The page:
Posts made in February, 2015

Cisco Meraki – Creating a VPN between a Cisco Meraki and Juniper Netscreen

Posted by on 18 Feb, 2015 in Cisco Meraki, Firewalls, Juniper, Security | 10 comments

Setup:

  • Cisco Meraki MX100 (connected with a static external IP)
  • Juniper Netscreen SSG5/NS5GT (connected with a static external IP)

 

I am in the process of replacing our Juniper kit with the Cisco Meraki MX100’s. As there are various sites that need replacing, as I replace one sites Juniper firewall with the Meraki, the MX100 needs to connect with our other sites Juniper kit until they are replaced.

The requirements for the Cisco Meraki to connect to a third party VPN Firewall are below and are taken from the Cisco Meraki Docs website (https://docs.meraki.com/display/MX/Connecting+to+a+third-party+VPN+device):

MX series support for third-party VPN interoperability requires the following:

    • Preshared keys (no certificates)
    • LAN static routes (no routing protocol for the VPN interface)
    • Phase 1 (IKE Policy): 3DES, SHA1, DH group 2, lifetime 8 hours
    • Phase 2 (IPsec Rule): Any of 3DES, DES, or AES; either MD5 or SHA1; PFS disabled; lifetime 8 hours

 

Cisco Meraki MX100 Setup

  • Log in to the Meraki dashboard and select the network you have created for the MX100 from the drop down at the top of the webpage.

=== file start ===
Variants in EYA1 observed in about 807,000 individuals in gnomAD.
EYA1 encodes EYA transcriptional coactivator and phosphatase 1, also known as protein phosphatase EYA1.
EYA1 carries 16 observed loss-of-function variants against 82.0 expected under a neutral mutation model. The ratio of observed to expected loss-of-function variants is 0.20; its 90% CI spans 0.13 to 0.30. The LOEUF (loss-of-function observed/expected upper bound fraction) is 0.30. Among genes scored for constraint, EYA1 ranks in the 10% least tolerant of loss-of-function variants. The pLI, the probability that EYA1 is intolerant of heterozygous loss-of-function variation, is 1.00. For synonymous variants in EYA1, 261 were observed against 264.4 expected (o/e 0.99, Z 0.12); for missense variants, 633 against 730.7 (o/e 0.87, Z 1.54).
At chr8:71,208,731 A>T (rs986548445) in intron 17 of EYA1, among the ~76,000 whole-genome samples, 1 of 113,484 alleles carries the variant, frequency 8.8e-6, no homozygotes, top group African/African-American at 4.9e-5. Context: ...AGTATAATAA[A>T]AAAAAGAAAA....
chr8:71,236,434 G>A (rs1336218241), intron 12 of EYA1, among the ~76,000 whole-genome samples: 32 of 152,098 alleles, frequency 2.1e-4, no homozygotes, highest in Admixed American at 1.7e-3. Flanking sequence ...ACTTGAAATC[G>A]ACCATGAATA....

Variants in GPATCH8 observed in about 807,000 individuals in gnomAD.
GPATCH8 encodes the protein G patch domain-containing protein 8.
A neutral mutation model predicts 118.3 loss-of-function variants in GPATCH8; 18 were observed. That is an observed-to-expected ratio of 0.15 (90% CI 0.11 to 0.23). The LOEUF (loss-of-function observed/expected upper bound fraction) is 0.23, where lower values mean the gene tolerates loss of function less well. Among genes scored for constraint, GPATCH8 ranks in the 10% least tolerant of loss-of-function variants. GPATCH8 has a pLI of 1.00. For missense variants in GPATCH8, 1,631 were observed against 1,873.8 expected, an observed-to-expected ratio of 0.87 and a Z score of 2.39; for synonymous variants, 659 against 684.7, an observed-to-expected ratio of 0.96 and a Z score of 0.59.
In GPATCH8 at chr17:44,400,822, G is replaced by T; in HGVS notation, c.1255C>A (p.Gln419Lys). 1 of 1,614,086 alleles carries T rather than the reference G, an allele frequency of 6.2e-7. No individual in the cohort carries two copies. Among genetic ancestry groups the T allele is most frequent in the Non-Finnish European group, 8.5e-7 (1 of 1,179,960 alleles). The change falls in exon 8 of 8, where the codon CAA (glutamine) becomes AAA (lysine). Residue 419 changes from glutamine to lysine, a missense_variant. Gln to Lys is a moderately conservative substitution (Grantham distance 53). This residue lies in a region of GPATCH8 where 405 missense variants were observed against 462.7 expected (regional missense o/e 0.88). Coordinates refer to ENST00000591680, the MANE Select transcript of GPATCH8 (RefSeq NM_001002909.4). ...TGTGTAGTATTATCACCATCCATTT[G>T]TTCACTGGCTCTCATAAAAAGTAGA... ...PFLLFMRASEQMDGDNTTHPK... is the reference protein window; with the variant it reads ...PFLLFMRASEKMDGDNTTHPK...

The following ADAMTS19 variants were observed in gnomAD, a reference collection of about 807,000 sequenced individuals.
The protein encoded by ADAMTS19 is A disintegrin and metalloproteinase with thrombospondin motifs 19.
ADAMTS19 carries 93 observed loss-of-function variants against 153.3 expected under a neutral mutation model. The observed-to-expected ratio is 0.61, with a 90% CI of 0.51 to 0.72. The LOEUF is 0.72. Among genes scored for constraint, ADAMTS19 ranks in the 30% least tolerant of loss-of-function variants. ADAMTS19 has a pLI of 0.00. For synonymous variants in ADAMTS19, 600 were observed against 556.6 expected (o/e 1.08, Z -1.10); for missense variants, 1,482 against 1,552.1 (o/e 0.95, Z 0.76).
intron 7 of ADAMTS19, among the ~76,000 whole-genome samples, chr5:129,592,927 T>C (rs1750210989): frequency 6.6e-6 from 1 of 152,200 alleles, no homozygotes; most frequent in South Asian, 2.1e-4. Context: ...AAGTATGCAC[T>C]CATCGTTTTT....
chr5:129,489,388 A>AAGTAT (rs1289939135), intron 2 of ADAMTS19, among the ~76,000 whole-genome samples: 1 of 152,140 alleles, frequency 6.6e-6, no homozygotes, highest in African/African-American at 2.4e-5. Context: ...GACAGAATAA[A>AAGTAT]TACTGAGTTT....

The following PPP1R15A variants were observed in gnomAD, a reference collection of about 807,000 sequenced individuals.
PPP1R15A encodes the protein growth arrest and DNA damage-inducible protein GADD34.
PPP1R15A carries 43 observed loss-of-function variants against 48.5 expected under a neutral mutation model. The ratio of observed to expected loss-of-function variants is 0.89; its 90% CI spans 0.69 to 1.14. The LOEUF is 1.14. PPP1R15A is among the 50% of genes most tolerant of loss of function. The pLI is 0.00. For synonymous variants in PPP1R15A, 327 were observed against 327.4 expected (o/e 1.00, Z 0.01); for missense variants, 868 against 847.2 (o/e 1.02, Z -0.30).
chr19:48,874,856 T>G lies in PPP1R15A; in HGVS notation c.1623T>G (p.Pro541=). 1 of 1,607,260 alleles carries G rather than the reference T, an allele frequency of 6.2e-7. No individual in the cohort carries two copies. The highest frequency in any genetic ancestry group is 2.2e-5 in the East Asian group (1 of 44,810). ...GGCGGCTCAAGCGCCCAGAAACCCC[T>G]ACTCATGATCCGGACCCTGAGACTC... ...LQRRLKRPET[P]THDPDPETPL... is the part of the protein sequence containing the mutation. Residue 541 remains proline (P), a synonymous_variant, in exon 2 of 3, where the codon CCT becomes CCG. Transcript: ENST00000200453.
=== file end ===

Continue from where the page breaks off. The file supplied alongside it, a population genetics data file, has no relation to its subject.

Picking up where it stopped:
• Select Configure > site-to-site VPN.
  • Select the following options
    • Mode: Change to split tunnel or Full depending on your requirements.
    • Topology: Select connect directly to all VPN Peers.
    • NAT Traversal: I left this as automatic but you can change to your requirements.
    • Local Networks: Select the networks you want to have access to the VPN.
    • Organisation-Wide Settings: Select add a peer.
      • Name: A friendly name for the connection to the Juniper
      • Public IP: External IP for the Juniper Firewall.
      • Private Subnets: Enter the internal subnet for the juniper in the format 192.168.1.0/24.
      • IPsec Policies: Select the policies required for the Juniper. I left the default but there are pre-set settings for connecting to Microsoft Azure and Amazon’s AWS as well.